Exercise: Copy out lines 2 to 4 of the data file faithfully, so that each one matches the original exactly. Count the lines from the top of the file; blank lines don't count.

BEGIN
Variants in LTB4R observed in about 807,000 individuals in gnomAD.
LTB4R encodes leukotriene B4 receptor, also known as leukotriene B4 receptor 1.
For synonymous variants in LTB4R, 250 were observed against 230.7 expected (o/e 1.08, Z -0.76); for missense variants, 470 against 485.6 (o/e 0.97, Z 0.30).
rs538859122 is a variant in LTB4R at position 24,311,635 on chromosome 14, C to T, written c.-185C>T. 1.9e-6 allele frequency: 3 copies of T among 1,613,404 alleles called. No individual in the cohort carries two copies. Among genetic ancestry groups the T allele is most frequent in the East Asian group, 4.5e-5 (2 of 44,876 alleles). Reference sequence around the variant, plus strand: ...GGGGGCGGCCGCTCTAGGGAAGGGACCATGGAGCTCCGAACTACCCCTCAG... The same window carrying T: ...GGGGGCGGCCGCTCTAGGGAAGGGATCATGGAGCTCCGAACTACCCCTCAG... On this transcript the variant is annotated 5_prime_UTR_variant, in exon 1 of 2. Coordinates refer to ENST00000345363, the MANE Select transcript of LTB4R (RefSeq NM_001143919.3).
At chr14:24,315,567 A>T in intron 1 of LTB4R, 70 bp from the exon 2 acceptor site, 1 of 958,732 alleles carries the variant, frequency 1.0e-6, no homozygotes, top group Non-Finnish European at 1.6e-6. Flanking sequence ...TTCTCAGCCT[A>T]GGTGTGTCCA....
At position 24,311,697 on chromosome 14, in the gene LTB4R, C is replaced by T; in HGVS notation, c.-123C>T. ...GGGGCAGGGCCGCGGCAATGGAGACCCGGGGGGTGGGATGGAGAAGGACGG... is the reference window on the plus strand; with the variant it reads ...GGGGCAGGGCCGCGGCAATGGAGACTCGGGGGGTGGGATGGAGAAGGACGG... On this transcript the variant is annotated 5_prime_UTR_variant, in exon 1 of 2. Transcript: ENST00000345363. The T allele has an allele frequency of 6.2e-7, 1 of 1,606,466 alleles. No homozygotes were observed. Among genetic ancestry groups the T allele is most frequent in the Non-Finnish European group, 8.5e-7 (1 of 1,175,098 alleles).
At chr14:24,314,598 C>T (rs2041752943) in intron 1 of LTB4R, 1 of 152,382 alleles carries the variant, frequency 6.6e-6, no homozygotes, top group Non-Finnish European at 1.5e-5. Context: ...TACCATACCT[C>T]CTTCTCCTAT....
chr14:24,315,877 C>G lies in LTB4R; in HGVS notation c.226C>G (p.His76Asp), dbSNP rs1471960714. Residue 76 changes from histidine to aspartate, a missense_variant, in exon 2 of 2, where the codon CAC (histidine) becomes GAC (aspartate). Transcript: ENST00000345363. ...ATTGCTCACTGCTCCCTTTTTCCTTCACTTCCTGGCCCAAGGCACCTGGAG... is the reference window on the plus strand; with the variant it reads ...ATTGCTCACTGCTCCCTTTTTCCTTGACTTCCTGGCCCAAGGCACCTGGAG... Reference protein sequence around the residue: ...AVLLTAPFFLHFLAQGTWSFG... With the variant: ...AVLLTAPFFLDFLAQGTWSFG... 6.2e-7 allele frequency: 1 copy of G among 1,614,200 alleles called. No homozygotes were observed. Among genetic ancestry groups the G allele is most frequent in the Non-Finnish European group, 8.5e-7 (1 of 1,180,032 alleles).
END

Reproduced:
LTB4R encodes leukotriene B4 receptor, also known as leukotriene B4 receptor 1.
For synonymous variants in LTB4R, 250 were observed against 230.7 expected (o/e 1.08, Z -0.76); for missense variants, 470 against 485.6 (o/e 0.97, Z 0.30).
rs538859122 is a variant in LTB4R at position 24,311,635 on chromosome 14, C to T, written c.-185C>T. 1.9e-6 allele frequency: 3 copies of T among 1,613,404 alleles called. No individual in the cohort carries two copies. Among genetic ancestry groups the T allele is most frequent in the East Asian group, 4.5e-5 (2 of 44,876 alleles). Reference sequence around the variant, plus strand: ...GGGGGCGGCCGCTCTAGGGAAGGGACCATGGAGCTCCGAACTACCCCTCAG... The same window carrying T: ...GGGGGCGGCCGCTCTAGGGAAGGGATCATGGAGCTCCGAACTACCCCTCAG... On this transcript the variant is annotated 5_prime_UTR_variant, in exon 1 of 2. Coordinates refer to ENST00000345363, the MANE Select transcript of LTB4R (RefSeq NM_001143919.3).